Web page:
Remember when the quintessential big screen body transformation belonged to Robert DeNiro in Raging Bull? These days, it seems like any actor worth his weight in awards statuette gold commits to a role that requires an extreme physical makeover. For some, it's about look-at-my-muscles machismo, while others go for ego-shedding emaciation, or full-on fatness.
The good news for these guys is that studies have shown that weight cycling – aka yo-yo dieting – doesn't necessarily alter a person's body composition over time. But the bad news is that it can damage blood vessels and increase a person's risk of a heart attack. So does that mean a one-time weight shift for a role is less dangerous than making a career of it? "It's not healthy to artificially manipulate your body in this way, says Linda Bacon, author of Health at Every Size: The Surprising Truth About Your Weight. "The more you do it, the more problematic it is."
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For anyone who has an underlying history (or even just an inherited risk) of medical conditions such as diabetes or high blood pressure, gaining a significant amount of weight for a role – even if it's only temporary – can be a dangerous pursuit, says Dr. Robert F. Kushner, clinical director at the Northwestern Comprehensive Center on Obesity. Even without any predispositions, these guys are still putting themselves at risk for those medical conditions, not to mention high cholesterol or a fatty liver. And don't forget the cosmetic effects of gaining weight quickly: stretch marks.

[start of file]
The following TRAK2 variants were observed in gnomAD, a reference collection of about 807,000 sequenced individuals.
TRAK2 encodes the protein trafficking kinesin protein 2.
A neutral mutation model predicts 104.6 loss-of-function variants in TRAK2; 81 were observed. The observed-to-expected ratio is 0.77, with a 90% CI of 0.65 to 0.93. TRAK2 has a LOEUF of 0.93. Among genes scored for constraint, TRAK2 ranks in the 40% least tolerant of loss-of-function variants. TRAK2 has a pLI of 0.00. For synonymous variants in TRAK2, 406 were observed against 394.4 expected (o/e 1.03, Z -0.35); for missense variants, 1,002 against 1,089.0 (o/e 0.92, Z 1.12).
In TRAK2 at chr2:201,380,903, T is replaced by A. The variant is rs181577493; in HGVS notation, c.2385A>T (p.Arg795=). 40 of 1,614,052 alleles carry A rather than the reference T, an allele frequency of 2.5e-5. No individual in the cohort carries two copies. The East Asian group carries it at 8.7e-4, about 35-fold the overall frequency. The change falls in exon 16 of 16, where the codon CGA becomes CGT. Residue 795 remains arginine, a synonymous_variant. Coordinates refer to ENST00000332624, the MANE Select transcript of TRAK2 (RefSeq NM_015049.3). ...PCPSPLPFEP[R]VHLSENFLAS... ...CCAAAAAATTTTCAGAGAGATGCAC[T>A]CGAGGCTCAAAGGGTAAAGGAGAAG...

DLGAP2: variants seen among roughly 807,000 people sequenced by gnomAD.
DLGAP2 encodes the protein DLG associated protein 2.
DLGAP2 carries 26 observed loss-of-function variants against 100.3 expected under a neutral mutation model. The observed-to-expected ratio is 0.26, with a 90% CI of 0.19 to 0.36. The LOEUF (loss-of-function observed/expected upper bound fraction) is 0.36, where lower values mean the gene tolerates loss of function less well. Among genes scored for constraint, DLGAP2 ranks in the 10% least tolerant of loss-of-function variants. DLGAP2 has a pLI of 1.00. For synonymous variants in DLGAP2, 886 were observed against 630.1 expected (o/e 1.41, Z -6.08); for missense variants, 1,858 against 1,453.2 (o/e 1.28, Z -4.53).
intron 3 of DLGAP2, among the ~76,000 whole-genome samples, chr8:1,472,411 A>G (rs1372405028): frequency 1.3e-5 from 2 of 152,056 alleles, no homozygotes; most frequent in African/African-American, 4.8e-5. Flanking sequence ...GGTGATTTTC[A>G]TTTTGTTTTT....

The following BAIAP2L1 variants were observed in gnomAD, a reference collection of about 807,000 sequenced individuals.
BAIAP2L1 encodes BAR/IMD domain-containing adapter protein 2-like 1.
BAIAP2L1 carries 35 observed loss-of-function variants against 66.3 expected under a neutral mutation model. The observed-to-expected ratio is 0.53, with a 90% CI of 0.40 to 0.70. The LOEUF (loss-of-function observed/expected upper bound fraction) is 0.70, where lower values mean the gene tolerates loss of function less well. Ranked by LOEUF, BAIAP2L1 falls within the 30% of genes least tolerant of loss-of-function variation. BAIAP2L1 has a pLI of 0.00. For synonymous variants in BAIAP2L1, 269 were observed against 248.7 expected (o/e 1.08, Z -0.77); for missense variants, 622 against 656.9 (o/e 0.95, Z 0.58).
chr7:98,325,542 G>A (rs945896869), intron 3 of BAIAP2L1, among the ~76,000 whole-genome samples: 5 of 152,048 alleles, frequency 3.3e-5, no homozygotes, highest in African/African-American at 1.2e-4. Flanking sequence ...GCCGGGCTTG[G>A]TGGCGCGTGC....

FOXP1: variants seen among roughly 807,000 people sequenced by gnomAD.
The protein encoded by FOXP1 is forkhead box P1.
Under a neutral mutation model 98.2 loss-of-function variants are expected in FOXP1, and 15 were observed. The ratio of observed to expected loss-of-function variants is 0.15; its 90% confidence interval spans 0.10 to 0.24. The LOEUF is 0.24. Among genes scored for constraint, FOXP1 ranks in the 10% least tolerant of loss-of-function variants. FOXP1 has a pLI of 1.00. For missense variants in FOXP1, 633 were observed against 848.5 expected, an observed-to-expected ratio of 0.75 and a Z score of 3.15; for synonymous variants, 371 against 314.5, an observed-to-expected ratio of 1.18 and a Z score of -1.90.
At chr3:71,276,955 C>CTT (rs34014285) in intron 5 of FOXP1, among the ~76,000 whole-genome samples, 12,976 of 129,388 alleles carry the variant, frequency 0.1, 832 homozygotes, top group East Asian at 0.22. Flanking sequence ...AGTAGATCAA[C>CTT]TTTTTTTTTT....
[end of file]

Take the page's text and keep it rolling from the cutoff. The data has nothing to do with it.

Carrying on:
Extreme weight loss, on the other hand, can result in low blood pressure and blood sugar, dehydration, decreased muscle mass, and compromised immunity. (One study found that moderate weight loss can affect a person's immunity, while another study concluded that high-intensity endurance exercise also can increase a person's chances of getting sick. A depletion of vitamins, minerals, and even carbs are to blame).
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Regardless of the direction the scale moves, Kushner says, "I would be shocked if these actors don't have someone with medical training or fitness training or nutritional training who is watching them very closely." Take a look at some of Hollywood's biggest shape-shifters, from those who tried it once, to the repeat offenders.
Jude Law (Gained 20 to 30 Pounds)
A diet filled with burgers, ice cream, and soda gave Law his potbelly in Don Hemingway. The film's director, Richard Shepard, said of Law's weight loss: "I was like, ‘Just please don't have a heart attack until we are done filming.'"
The Bottom Line:
Law isn't a repeat offender, but the way he gained weight – with a diet high in saturated fats and sugar – could put him at risk for high blood pressure and high blood sugar. If he kept eating that way, he'd increase his risk for heart disease or fatty liver.